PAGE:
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Lisel Mueller


Lisel Mueller was born in Hamburg, Germany, on February 8, 1924, and came to the United States in 1939. She attended the University of Evansville in Indiana, where her father was a professor of French and German. 

Her books of poetry include Alive Together: New & Selected Poems (Louisiana State University Press, 1996), which won the Pulitzer Prize; The Need to Hold Still (1980), which received the National Book Award; and The Private Life, which was the 1975 Lamont Poetry Selection, among others. She also published several volumes of translation, including Circe's Mountain by Marie Luise Kaschnitz (1990).

About Mueller's poems Rita Dove said, "The disingenuous lyric whose darker undertones reverberate long after we have floated on its sunlit surface.”

Her other honors include the Carl Sandburg Award and a National Endowment for the Arts fellowship. She taught at Elmhurst College, Goddard College, the University of Chicago, and Warren Wilson College. She lived in Lake Forest, Illinois and died on February 21, 2020. 

Selected Bibliography

Alive Together: New & Selected Poems (Louisiana State University Press, 1996)
Learning to Play by Ear (Juniper Press,1990)
Waving from Shore (Louisiana State University Press, 1989)
Second Language (Louisiana State University Press, 1986)
The Private Life (Louisiana State University Press, 1981)
The Need to Hold Still (Louisiana State University Press, 1980)
Voices from the Forest (Juniper Press, 1977)
Dependencies (University of North Carolina Press, 1965)

Lisel Mueller

By This Poet


Curriculum Vitae


1) I was born in a Free City, near the North Sea.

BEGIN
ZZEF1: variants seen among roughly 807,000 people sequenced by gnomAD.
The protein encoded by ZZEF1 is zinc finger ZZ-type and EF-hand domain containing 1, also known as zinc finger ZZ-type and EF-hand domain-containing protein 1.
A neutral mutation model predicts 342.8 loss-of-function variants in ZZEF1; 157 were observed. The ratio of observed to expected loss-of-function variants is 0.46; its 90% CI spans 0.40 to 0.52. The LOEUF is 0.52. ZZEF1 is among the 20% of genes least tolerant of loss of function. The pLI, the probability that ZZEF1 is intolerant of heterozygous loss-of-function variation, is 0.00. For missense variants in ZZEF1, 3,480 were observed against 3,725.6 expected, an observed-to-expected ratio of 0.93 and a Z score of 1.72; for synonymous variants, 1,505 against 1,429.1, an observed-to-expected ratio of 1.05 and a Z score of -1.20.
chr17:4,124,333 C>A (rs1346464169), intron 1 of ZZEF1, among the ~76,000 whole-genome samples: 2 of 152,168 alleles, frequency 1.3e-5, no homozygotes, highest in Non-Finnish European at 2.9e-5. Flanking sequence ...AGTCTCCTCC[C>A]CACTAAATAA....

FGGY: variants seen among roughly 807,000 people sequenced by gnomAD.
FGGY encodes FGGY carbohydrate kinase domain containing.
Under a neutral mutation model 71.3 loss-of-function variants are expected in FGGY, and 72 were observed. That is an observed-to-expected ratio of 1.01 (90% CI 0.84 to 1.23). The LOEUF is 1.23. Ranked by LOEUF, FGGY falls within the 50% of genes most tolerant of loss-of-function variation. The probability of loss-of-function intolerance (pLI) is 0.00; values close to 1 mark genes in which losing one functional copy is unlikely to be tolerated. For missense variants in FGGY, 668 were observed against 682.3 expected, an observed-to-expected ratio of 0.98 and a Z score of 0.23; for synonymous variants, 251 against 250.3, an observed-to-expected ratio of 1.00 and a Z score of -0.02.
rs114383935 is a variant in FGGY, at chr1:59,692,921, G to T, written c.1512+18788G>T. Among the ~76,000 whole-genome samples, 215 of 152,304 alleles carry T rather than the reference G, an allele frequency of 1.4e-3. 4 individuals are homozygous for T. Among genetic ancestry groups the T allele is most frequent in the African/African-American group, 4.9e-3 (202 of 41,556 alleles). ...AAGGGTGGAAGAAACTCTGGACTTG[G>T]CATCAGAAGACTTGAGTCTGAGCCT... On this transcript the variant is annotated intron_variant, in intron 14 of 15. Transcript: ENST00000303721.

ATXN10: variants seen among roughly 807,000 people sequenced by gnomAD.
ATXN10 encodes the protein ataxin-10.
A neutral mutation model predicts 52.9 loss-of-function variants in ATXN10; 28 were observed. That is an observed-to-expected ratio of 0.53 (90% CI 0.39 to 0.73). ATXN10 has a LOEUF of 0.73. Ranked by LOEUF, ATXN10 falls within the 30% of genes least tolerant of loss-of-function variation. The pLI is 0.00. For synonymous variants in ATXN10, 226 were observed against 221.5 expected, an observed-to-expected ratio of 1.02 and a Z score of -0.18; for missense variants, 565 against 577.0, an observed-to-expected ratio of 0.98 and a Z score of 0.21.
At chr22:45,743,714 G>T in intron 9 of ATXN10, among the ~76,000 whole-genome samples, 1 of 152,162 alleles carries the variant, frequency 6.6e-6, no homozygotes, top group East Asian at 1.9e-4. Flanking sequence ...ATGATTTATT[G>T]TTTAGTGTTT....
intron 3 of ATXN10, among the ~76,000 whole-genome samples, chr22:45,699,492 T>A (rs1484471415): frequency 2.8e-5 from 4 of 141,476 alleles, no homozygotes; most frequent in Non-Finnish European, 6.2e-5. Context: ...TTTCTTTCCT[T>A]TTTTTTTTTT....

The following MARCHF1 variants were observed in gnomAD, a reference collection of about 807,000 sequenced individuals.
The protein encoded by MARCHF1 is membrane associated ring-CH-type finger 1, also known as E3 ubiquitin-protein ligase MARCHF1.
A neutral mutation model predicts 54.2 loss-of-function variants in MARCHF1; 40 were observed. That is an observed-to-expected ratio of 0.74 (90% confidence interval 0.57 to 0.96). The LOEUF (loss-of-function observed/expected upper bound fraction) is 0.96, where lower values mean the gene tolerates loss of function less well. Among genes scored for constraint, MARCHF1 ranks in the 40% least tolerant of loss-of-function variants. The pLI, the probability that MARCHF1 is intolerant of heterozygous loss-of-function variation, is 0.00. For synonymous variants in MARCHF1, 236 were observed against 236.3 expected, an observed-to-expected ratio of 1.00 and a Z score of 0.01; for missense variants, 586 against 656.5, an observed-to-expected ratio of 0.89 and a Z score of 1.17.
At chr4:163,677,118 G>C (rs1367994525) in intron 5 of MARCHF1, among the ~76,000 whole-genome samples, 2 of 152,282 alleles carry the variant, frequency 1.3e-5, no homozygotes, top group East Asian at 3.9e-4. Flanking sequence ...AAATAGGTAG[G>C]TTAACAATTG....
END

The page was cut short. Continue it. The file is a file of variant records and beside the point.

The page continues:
2) In the year of my birth, money was shredded into 
confetti. A loaf of bread cost a million marks. Of 
course I do not remember this.

3) Parents and grandparents hovered around me. The 
world I lived in had a soft voice and no claws.

4) A cornucopia filled with treats took me into a building 
with bells. A wide-bosomed teacher took me in.

5) At home the bookshelves connected heaven and earth.

6) On Sundays the city child waded through pinecones 
and primrose marshes, a short train ride away.

7) My country was struck by history more deadly than 
earthquakes or hurricanes.

8) My father was busy eluding the monsters. My mother 
told me the walls had ears. I learned the burden of secrets.

9) I moved into the too bright days, the too dark nights 
of adolescence.

10) Two parents, two daughters, we followed the sun 
and the moon across the ocean. My grandparents stayed 
behind in darkness.

11) In the new language everyone spoke too fast. Eventually 
I caught up with them.

12) When I met you, the new language became the language 
of love.

13) The death of the mother hurt the daughter into poetry. 
The daughter became a mother of daughters.

14) Ordinary life: the plenty and thick of it. Knots tying 
threads to everywhere. The past pushed away, the future left 
unimagined for the sake of the glorious, difficult, passionate 

15) Years and years of this.

16) The children no longer children. An old man's pain, an 
old man's loneliness.

17) And then my father too disappeared.

18) I tried to go home again. I stood at the door to my 
childhood, but it was closed to the public.

19) One day, on a crowded elevator, everyone's face was younger 
than mine.

20) So far, so good. The brilliant days and nights are 
breathless in their hurry. We follow, you and I.

When I Am Asked

When I am asked
how I began writing poems,
I talk about the indifference of nature.

It was soon after my mother died,
a brilliant June day,
everything blooming.

I sat on a gray stone bench
in a lovingly planted garden,
but the day lilies were as deaf
as the ears of drunken sleepers
and the roses curved inward.
Nothing was black or broken
and not a leaf fell
and the sun blared endless commercials
for summer holidays.

I sat on a gray stone bench
ringed with the ingenue faces
of pink and white impatiens
and placed my grief
in the mouth of language,
the only thing that would grieve with me.

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